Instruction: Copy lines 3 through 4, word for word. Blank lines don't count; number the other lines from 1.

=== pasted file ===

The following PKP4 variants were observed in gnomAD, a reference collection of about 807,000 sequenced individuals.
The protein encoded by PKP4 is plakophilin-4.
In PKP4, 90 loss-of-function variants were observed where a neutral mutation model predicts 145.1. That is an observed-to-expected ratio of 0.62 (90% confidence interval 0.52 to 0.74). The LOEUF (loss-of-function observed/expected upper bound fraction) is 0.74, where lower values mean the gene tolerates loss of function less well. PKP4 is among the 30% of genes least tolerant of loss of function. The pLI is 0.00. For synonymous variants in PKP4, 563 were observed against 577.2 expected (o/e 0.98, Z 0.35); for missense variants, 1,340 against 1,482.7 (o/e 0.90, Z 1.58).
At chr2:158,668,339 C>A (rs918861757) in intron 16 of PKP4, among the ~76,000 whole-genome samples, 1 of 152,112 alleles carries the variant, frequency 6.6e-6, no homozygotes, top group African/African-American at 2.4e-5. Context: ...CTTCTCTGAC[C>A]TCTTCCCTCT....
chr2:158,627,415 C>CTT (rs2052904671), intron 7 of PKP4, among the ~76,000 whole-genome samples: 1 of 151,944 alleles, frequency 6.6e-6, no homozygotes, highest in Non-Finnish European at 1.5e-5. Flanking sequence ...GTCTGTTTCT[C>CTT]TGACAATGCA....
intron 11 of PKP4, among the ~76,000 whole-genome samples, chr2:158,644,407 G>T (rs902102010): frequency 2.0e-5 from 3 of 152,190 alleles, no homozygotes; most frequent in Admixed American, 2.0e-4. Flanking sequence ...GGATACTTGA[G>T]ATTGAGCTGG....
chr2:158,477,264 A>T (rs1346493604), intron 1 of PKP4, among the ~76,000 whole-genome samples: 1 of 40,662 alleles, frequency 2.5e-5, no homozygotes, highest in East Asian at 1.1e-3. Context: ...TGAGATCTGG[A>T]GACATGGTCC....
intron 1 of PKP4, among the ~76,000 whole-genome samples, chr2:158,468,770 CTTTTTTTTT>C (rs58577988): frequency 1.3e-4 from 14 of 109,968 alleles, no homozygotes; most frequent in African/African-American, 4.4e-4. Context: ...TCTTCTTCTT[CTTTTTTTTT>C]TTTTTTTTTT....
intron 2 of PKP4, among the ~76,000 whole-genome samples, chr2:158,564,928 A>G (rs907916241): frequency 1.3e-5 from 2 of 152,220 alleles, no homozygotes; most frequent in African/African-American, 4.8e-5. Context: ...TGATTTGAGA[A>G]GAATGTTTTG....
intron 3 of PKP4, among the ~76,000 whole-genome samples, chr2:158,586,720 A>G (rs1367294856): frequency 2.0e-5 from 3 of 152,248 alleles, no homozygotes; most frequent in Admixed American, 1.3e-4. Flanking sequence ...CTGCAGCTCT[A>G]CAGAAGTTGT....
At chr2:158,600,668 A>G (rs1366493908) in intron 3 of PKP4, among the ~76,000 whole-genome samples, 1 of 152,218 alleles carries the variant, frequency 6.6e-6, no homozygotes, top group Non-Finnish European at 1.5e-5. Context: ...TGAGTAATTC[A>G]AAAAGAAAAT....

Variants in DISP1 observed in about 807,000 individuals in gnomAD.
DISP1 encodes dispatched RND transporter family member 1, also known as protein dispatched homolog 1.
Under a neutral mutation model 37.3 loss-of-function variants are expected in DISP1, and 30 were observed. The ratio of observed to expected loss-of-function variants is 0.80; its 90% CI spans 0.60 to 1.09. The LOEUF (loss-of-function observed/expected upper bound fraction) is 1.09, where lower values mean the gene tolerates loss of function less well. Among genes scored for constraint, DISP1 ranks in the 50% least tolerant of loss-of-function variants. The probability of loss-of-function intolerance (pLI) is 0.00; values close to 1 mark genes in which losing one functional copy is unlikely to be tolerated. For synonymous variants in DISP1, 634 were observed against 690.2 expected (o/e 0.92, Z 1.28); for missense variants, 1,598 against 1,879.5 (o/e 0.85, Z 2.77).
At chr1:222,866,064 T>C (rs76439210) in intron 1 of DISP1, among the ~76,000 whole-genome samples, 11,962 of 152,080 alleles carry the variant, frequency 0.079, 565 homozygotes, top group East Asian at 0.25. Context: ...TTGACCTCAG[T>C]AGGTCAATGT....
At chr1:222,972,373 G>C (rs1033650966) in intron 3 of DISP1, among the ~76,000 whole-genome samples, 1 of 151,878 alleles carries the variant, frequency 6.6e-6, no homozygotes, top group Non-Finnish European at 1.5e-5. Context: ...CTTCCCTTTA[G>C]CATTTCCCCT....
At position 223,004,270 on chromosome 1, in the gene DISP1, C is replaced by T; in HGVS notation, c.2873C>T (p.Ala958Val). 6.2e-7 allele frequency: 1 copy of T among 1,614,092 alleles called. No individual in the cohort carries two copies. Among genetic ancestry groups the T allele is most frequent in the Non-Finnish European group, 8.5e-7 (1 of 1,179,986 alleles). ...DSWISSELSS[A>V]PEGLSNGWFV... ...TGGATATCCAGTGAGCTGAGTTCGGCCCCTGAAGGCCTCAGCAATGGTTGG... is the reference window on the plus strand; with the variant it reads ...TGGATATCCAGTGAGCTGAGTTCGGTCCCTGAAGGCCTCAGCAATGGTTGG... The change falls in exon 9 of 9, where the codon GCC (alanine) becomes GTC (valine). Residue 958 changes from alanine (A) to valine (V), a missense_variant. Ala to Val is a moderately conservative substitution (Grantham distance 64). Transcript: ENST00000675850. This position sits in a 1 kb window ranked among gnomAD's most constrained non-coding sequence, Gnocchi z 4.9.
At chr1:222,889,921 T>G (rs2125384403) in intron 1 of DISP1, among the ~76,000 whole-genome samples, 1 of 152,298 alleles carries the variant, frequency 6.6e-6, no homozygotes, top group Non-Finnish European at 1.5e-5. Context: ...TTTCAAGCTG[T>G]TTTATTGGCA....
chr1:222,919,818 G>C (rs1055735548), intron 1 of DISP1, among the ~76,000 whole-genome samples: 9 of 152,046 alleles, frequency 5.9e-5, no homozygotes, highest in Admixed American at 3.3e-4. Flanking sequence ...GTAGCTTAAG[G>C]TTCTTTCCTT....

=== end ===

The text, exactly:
In PKP4, 90 loss-of-function variants were observed where a neutral mutation model predicts 145.1. That is an observed-to-expected ratio of 0.62 (90% confidence interval 0.52 to 0.74). The LOEUF (loss-of-function observed/expected upper bound fraction) is 0.74, where lower values mean the gene tolerates loss of function less well. PKP4 is among the 30% of genes least tolerant of loss of function. The pLI is 0.00. For synonymous variants in PKP4, 563 were observed against 577.2 expected (o/e 0.98, Z 0.35); for missense variants, 1,340 against 1,482.7 (o/e 0.90, Z 1.58).
At chr2:158,668,339 C>A (rs918861757) in intron 16 of PKP4, among the ~76,000 whole-genome samples, 1 of 152,112 alleles carries the variant, frequency 6.6e-6, no homozygotes, top group African/African-American at 2.4e-5. Context: ...CTTCTCTGAC[C>A]TCTTCCCTCT....